HP targets business mobility with new enterprise, education and healthcare devices
It is important to remember that the world marches to the beat of many drums. In other words, what works for you, may not work for everyone. While a tech-writer can get by with a Chromebook or iPad, what about doctors? teachers? office professionals? For some professions, there are very specialized needs.
Luckily, HP understands this, and today it announces new solutions for commercial use; enterprise, education, healthcare and more. Recognizing that there are many different needs, some of the devices run Android, some Windows and of course, they come in different shapes and sizes. BetaNews was at the announcement, getting a hands-on look at the products. Which is right for your company?
"HP is taking a modular approach featuring secure, purpose-built devices. By supporting multiple operating systems, HP is giving business customers a choice of application ecosystems and user experiences. When coupled with the new software offerings from HP and its partners, the company has created a complete mobility solution for all businesses — including education, field service, healthcare, public safety and retail industries", says HP.
The manufacturer further explains, "new tablets and 2-in-1 devices running Microsoft Windows operating system, along with new tablets built on Google’s Android operating system, all feature built-in security and can be tailored to meet specific use-case requirements with a focus on embracing business mobility".
On the medical front, HP reveals the HP ElitePad 1000 G2 Healthcare Tablet. It is not an entirely new tablet, but instead the existing ElitePad in a medical frame. The magic is the silver ions in the white frame, which can kill germs on contact. Obviously, in a hospital setting, germs, blood and other gross stuff will be bountiful. My favorite feature, however, is the integrated bar code scanner, which can be used on a patient’s bracelet. This will not only save time, but increase accuracy too. There are also additional rugged ElitePad configurations for other industries too.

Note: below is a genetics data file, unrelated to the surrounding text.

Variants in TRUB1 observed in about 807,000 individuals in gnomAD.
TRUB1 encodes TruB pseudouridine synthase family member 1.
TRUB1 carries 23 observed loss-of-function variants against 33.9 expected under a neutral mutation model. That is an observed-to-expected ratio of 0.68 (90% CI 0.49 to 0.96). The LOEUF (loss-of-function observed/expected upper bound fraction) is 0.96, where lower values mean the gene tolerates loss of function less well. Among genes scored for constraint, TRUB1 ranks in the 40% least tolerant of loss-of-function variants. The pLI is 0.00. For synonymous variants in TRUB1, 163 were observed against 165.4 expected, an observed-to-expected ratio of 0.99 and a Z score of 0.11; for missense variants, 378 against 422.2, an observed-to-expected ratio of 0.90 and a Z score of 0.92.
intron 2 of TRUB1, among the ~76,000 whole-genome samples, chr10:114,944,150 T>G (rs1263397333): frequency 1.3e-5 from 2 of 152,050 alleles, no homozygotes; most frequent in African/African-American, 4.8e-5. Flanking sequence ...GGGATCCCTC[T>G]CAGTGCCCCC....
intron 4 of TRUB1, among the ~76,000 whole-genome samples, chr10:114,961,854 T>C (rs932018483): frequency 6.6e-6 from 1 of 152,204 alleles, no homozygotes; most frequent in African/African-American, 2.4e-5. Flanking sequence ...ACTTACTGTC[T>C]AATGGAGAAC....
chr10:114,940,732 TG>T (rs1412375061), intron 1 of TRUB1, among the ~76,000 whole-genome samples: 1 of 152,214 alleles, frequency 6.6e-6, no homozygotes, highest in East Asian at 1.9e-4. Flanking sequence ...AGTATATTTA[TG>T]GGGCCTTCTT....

For education, the company announces a pair of tablets that look very similar, but are quite different. How so? The HP Pro Slate 10 EE runs Android, while the HP Pro Tablet 10 EE is powered by Windows. This allows the school to select the operating system that it prefers. Best of all? The accessories will be interchangeable, as the form factors are the same. The coolest option, however, is the stationary keyboard dock, which is powered by the tablet. It is meant to stay on a table or desk, so a student can just pop it on when needed. Because it is not wireless, there are less headaches by avoiding Bluetooth-pairing hell.
The star of the show, however, is the HP Elite x2 1011 G1; a Surface Pro 3 clone that proves even more versatile than Microsoft’s offering. Not only can it be used with a floppy type cover like the Surface, but also a rigid keyboard that offers a traditional laptop clam shell experience. It also bests the Surface Pro 3 in that it has a Core M processor, rather than the previous-generation Haswell.
Below are some of the specs.
Business users in particular will love the optional wireless dock. Once paired with the HP Elite x2 1011 G1, the dock will activate when in close proximity. This includes USB ports, HDMI, DisplayPort, Ethernet and VGA. HP tells me that this can wirelessly drive two 1080p displays in addition to the device’s built-in display. Whoa.
HP also announces two new Android tablets, the Pro Slate 8 and 12, that come with an amazing new pen called the Duet. What makes it so amazing? It uses a special technology which enables it to be used on the capacitive screen, or on actual paper. Yes, it will transmit your handwriting on paper to a digital format on the tablet. It truly is a great way to bridge the gap between paper and digital. Besides that, they are typical Android slates with impressive build quality. I was impressed by how light they both are.